The Queensland Society of Sugar Cane Technologists was founded in March 1929. When CSR mills in northern NSW sought closer association with the Queensland Society, a newly constituted organisation was created in 1979 called the Australian Society of Sugar Cane Technologists.
This was the direct consequence of the inauguration of an International Society of Sugar Cane Technologists which took place at the Pan Pacific Congress in Hawaii in 1923. The second triennial congress of this body was convened in Havana, Cuba, in 1926.
Queensland was represented in Havana by Seymour Howe, then General Manager of Mulgrave Mill. Also at that congress was Norman Bennett, Queensland Government travelling scholar, who was a student at the Audubon Sugar School in Louisiana, USA.
While at the congress, Messrs Howe and Bennett became confirmed in the view that a Queensland branch of the International Society would be of great benefit to the Queensland sugar industry. It was agreed that Bennett should pursue this objective on his return to Brisbane in 1928.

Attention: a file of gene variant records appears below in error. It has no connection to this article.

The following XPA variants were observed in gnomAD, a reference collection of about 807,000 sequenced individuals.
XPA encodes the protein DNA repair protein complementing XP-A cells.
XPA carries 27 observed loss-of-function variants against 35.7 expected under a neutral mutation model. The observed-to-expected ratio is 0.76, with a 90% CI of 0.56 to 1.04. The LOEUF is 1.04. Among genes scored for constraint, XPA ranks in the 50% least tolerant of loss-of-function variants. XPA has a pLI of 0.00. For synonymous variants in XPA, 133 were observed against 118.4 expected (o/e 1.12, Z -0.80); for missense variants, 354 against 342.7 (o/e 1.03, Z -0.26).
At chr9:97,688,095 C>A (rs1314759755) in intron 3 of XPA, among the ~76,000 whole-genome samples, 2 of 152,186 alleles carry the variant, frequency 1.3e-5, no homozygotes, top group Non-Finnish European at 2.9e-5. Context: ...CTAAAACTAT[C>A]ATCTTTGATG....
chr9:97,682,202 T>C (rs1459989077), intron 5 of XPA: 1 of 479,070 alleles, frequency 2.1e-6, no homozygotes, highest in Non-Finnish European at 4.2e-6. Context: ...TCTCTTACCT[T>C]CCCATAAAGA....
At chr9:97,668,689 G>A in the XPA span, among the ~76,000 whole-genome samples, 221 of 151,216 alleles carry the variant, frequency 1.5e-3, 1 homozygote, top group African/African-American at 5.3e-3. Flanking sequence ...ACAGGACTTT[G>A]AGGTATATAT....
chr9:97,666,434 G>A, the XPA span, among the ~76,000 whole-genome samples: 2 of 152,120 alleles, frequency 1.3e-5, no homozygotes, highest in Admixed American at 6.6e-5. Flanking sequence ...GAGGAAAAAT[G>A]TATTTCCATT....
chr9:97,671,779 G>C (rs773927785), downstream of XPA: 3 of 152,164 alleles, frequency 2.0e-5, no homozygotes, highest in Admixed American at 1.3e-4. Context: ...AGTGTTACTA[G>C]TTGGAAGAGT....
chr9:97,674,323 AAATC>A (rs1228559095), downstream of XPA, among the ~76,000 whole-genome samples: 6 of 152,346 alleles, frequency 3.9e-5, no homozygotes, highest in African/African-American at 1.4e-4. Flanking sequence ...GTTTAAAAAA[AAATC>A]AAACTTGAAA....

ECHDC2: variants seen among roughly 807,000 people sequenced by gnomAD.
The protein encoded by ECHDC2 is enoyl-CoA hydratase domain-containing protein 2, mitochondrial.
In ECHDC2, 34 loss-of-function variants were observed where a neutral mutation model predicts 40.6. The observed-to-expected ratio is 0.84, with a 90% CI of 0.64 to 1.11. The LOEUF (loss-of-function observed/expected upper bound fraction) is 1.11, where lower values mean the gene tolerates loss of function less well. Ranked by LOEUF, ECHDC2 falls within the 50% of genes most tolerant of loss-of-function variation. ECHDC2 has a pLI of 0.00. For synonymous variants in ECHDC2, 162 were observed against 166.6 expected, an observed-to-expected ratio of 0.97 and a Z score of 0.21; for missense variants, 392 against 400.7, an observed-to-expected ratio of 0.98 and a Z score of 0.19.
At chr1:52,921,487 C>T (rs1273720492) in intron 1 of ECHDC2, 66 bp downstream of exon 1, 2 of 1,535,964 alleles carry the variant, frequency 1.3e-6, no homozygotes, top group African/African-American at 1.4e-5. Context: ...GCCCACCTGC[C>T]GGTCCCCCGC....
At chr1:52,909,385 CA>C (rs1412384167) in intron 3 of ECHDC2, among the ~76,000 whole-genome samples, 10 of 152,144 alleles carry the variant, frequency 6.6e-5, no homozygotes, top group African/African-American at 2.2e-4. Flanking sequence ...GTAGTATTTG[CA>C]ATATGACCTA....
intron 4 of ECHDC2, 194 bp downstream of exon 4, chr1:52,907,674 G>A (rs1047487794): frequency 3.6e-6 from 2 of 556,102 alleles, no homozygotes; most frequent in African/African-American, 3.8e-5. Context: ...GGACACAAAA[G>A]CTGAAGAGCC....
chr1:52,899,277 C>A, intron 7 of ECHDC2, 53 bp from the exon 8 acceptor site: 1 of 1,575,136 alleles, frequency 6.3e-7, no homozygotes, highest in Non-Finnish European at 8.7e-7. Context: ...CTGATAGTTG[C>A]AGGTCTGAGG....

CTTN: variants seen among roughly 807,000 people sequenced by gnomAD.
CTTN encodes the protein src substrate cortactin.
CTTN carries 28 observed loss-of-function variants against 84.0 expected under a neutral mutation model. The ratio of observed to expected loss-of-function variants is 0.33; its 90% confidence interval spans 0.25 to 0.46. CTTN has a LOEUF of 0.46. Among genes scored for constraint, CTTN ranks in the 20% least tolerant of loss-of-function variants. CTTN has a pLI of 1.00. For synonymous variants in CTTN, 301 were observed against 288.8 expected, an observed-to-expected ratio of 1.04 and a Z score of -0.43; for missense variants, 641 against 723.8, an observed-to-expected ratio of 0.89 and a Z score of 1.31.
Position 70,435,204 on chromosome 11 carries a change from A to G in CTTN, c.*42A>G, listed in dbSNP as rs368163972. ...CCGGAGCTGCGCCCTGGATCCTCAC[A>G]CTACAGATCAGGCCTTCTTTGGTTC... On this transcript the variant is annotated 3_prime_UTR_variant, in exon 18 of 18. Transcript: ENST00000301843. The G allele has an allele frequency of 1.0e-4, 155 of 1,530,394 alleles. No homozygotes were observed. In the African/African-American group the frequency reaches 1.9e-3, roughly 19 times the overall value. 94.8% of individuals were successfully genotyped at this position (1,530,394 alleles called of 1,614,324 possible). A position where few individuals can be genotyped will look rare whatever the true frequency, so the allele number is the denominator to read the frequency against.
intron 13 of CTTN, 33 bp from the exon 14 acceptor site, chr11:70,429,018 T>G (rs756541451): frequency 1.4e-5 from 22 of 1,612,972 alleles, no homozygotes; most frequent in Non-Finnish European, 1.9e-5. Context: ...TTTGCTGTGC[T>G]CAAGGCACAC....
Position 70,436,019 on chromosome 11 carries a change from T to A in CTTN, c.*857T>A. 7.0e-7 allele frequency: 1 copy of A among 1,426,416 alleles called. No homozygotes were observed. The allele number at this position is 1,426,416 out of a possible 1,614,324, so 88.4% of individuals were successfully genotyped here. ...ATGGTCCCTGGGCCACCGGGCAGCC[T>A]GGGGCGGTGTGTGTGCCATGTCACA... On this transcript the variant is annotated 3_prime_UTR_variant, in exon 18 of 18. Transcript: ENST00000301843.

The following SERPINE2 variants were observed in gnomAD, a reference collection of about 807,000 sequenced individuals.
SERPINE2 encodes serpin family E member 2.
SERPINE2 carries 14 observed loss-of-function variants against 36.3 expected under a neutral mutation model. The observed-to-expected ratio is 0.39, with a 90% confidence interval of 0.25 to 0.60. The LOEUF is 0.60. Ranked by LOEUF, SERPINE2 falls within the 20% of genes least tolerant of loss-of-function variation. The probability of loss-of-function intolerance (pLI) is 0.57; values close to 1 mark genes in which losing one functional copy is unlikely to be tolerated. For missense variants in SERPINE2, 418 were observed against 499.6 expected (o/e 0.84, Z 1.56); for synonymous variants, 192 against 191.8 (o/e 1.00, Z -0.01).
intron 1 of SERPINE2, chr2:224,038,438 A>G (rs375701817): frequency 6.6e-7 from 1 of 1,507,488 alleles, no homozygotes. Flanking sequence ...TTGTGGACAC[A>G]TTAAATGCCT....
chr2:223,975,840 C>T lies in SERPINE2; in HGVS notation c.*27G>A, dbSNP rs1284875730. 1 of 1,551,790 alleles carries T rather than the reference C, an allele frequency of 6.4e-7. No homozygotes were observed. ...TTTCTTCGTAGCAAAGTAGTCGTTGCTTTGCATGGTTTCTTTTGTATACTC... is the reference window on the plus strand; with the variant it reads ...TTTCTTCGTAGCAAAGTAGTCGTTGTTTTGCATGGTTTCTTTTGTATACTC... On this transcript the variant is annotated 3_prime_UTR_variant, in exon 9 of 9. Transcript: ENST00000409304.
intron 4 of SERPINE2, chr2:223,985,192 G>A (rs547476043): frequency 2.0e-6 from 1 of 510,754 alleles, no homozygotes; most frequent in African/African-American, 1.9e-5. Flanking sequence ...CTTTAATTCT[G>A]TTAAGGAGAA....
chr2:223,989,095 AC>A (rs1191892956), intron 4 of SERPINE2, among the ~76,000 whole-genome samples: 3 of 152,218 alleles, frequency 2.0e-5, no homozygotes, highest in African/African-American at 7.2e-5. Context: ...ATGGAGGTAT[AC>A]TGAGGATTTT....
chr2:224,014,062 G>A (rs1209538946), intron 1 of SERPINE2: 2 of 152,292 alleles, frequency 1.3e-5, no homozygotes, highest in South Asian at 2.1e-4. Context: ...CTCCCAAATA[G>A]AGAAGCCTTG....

The proposal was well received by Queensland sugar mill technologists. A meeting was convened by the Bureau of Sugar Experiment Stations in Mackay in March 1929 attended by 27 delegates representing 16 mills and eight engineering associates. After four days of technical discussions, the delegates enthusiastically decided to form the Queensland Society of Sugar Cane Technologists, with Seymour Howe as president and Norman Bennett as honorary secretary.
The first conference of the Society was held in Cairns in 1930. A constitution was adopted which provided for an agricultural section, in addition to that of mill technology. The society by then had a membership of 119. Today the Society has a membership of about 400.